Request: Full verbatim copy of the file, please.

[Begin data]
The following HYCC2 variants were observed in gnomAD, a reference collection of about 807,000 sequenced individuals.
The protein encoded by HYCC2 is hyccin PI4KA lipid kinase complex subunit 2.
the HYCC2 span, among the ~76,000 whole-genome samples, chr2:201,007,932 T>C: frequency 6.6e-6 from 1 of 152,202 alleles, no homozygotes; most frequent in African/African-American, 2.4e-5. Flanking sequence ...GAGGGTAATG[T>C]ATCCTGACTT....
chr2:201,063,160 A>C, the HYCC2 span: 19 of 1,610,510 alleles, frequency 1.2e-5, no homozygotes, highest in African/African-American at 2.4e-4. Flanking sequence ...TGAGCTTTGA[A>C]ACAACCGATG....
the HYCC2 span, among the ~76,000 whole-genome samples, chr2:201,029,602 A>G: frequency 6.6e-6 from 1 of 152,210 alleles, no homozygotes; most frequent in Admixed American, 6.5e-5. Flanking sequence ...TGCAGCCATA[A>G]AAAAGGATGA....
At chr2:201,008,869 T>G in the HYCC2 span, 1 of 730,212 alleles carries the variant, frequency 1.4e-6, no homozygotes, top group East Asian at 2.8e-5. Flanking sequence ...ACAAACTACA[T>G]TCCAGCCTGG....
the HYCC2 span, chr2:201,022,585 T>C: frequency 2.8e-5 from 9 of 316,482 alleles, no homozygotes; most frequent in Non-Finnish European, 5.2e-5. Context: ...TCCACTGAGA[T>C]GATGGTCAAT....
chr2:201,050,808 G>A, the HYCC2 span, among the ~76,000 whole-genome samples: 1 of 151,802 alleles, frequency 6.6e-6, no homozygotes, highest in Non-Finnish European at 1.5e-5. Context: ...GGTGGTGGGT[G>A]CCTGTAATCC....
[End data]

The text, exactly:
The following HYCC2 variants were observed in gnomAD, a reference collection of about 807,000 sequenced individuals.
The protein encoded by HYCC2 is hyccin PI4KA lipid kinase complex subunit 2.
the HYCC2 span, among the ~76,000 whole-genome samples, chr2:201,007,932 T>C: frequency 6.6e-6 from 1 of 152,202 alleles, no homozygotes; most frequent in African/African-American, 2.4e-5. Flanking sequence ...GAGGGTAATG[T>C]ATCCTGACTT....
chr2:201,063,160 A>C, the HYCC2 span: 19 of 1,610,510 alleles, frequency 1.2e-5, no homozygotes, highest in African/African-American at 2.4e-4. Flanking sequence ...TGAGCTTTGA[A>C]ACAACCGATG....
the HYCC2 span, among the ~76,000 whole-genome samples, chr2:201,029,602 A>G: frequency 6.6e-6 from 1 of 152,210 alleles, no homozygotes; most frequent in Admixed American, 6.5e-5. Flanking sequence ...TGCAGCCATA[A>G]AAAAGGATGA....
At chr2:201,008,869 T>G in the HYCC2 span, 1 of 730,212 alleles carries the variant, frequency 1.4e-6, no homozygotes, top group East Asian at 2.8e-5. Flanking sequence ...ACAAACTACA[T>G]TCCAGCCTGG....
the HYCC2 span, chr2:201,022,585 T>C: frequency 2.8e-5 from 9 of 316,482 alleles, no homozygotes; most frequent in Non-Finnish European, 5.2e-5. Context: ...TCCACTGAGA[T>C]GATGGTCAAT....
chr2:201,050,808 G>A, the HYCC2 span, among the ~76,000 whole-genome samples: 1 of 151,802 alleles, frequency 6.6e-6, no homozygotes, highest in Non-Finnish European at 1.5e-5. Context: ...GGTGGTGGGT[G>A]CCTGTAATCC....